Electrolyte Evaluation for Use in Green Batteries

Open Access
Steiner, Jonathan Michael
Area of Honors:
Engineering Science
Bachelor of Science
Document Type:
Thesis Supervisors:
  • Barbara Shaw, Thesis Supervisor
  • Sulin Zhang, Honors Advisor
  • Elzbieta Sikora, Faculty Reader
  • Judith A Todd, Faculty Reader
  • green batteries
  • electrolyte
  • solution
  • environmentally friendly
  • voltage discharge
  • discharge experiments
  • corrosion
  • power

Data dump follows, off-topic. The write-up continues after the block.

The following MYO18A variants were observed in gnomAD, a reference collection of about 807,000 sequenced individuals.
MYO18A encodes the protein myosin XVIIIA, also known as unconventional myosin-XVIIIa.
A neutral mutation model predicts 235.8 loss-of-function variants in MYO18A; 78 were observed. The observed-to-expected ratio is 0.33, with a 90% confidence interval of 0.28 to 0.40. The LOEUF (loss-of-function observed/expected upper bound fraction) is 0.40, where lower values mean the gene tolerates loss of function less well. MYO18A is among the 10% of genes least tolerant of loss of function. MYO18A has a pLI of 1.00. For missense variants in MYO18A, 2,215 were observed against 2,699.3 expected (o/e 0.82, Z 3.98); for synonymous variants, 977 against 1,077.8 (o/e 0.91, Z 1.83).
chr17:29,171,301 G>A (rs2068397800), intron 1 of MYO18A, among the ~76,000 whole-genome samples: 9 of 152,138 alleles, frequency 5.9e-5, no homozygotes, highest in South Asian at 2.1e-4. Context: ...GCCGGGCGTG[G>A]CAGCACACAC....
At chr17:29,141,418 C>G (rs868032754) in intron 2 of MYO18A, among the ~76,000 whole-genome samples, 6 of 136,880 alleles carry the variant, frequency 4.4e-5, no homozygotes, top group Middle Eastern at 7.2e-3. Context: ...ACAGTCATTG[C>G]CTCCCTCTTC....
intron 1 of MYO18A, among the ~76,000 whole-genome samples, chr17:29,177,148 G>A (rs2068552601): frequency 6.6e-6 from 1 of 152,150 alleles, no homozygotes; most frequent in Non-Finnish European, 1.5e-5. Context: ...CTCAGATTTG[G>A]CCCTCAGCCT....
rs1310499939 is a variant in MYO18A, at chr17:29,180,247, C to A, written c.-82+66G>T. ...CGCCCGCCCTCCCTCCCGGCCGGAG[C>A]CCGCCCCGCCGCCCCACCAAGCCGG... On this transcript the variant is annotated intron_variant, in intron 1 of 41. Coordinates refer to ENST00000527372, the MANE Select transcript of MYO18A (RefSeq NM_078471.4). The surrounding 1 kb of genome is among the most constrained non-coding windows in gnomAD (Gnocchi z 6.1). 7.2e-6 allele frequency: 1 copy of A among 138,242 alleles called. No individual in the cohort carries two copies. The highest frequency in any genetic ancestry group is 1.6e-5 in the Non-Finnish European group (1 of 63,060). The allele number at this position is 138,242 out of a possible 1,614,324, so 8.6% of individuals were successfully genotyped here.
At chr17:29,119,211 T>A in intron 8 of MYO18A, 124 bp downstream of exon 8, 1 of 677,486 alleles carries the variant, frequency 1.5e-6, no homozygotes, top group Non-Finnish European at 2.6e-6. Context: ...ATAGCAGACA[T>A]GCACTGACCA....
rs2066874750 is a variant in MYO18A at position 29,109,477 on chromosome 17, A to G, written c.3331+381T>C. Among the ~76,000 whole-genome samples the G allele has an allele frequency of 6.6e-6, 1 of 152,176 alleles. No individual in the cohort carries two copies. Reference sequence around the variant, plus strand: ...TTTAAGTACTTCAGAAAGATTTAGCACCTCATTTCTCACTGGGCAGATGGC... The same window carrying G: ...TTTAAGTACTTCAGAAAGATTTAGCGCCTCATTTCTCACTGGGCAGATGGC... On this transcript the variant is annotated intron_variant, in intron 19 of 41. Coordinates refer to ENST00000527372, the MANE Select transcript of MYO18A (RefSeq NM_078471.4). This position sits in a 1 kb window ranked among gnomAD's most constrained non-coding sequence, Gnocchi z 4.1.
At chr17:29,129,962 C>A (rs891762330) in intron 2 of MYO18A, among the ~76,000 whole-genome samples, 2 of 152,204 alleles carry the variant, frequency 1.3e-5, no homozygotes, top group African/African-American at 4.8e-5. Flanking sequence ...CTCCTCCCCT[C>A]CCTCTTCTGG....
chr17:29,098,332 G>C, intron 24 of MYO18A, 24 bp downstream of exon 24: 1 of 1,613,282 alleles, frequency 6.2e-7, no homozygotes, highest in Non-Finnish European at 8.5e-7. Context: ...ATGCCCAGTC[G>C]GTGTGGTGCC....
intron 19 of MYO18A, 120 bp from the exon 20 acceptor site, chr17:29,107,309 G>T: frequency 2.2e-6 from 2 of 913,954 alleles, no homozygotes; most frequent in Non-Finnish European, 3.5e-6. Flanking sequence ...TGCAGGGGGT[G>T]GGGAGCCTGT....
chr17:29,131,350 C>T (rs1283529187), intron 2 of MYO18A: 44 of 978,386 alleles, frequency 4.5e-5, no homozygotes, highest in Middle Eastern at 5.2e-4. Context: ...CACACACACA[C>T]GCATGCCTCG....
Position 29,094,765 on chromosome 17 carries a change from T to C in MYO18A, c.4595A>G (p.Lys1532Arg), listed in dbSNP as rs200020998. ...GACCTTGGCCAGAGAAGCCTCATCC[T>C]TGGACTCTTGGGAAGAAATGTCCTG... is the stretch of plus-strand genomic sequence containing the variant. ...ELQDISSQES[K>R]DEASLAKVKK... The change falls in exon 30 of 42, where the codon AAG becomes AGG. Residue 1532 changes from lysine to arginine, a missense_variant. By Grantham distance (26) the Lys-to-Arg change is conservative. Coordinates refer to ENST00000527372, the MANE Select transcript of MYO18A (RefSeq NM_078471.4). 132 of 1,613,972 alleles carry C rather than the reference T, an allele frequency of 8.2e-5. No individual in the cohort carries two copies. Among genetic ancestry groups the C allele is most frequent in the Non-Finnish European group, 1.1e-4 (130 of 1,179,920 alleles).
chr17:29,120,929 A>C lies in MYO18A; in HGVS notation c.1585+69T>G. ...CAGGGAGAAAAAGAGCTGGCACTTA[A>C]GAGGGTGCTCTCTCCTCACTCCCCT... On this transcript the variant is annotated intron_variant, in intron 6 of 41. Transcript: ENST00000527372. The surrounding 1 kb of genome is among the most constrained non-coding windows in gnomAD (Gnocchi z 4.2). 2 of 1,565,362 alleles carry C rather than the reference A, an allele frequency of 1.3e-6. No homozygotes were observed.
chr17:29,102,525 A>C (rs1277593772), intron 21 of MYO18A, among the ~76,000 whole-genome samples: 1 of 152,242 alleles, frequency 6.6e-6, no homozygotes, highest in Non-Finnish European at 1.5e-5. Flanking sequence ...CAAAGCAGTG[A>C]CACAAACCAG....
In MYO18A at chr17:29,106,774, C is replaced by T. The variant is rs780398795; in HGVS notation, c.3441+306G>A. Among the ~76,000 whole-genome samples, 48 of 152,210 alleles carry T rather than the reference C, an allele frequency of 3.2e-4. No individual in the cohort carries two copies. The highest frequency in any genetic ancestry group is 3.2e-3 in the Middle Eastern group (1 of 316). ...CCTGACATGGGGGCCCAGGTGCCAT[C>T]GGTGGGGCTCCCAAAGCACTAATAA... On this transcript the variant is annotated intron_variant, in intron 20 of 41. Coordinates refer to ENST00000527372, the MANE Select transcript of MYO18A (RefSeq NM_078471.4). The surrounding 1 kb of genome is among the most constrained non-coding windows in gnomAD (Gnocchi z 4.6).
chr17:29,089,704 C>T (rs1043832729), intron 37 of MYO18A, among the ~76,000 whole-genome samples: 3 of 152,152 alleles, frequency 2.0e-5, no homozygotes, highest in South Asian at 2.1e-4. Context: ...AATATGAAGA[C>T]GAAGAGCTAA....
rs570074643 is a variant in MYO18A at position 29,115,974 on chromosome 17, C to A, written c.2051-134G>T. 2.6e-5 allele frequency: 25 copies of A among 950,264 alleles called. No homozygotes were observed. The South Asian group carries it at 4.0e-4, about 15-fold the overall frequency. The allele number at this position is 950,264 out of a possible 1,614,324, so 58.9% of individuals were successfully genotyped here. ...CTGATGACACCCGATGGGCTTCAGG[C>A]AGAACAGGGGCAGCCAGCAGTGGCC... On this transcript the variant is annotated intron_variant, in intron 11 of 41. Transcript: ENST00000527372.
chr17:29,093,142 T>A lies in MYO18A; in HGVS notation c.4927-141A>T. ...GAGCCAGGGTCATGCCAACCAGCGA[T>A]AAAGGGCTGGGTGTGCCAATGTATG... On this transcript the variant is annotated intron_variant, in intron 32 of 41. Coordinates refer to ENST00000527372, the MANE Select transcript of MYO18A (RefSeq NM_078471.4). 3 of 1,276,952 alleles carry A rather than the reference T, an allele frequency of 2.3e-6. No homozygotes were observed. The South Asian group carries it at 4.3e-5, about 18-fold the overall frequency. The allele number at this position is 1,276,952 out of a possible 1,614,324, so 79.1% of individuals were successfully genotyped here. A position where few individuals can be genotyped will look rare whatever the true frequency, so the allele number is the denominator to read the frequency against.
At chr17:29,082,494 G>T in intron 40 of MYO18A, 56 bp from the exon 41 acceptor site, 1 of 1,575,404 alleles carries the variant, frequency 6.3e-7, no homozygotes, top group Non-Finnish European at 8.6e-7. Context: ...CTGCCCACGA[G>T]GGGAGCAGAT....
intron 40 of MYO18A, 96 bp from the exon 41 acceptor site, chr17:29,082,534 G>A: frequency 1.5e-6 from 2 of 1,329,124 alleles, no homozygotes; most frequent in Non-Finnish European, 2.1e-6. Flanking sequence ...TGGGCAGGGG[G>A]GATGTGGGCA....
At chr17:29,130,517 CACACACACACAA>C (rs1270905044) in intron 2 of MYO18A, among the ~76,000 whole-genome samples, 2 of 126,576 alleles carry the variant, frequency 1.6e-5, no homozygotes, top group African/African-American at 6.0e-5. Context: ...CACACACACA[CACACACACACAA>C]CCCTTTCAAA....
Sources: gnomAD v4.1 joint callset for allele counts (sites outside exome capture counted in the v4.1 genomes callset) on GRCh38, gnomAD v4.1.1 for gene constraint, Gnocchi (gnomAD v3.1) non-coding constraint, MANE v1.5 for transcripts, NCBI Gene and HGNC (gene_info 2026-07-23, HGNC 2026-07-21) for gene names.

“Green” battery research is becoming more important as the push socially, militarily and governmentally for less environmental impact increases. It is important to develop a (reserve) battery that has the same capability as current battery technologies but is made from materials that are nontoxic and biodegradable. Along with those parameters (and an emphasis on military applications) the battery materials must also be lightweight, readily available and simple to use. The three major aspects of a battery that need to be developed are the cathode material, the anode material and the electrolyte. In Dr. Barbara Shaw’s corrosion lab in 401 EES building, research had been started for both the anode and cathode materials. This thesis hopes to determine the electrolyte that is best suited to aid in increasing the production of power from the chemical interaction (oxidation/ reduction reaction) that occurs between the anode and cathode. After selecting the basic materials of AZ91 to use as an anode and pyrolytic graphite to use as a cathode, electrolyte evaluation began. Preliminary results found by using the electrolytes of artificial seawater (ASW), Hank’s Buffered Salt solution (Hank’s solution) and 1M NaCl solution (which had previously been employed during anode and cathode research) were evaluated and a more extensive list of electrolytes could be found for further investigation. The list of electrolytes included tap water, ASW, Hank’s solution, various molarities of NaCl, MgCl2, and table salt solutions along with the commercial products Pepto Bismol, Tums tablets dissolved in DI water, and Pepsi. After evaluating the various electrolytes using a discharge experiment, the average voltage discharge capabilities were determined for each electrolyte. Solutions containing NaCl, in particular the saturated NaCl solution, were the electrolytes that provided the most consistent, constant and largest voltage discharge. The saturated NaCl solution was then evaluated using further experiments such as the addition of aeration and an extended discharge timeframe.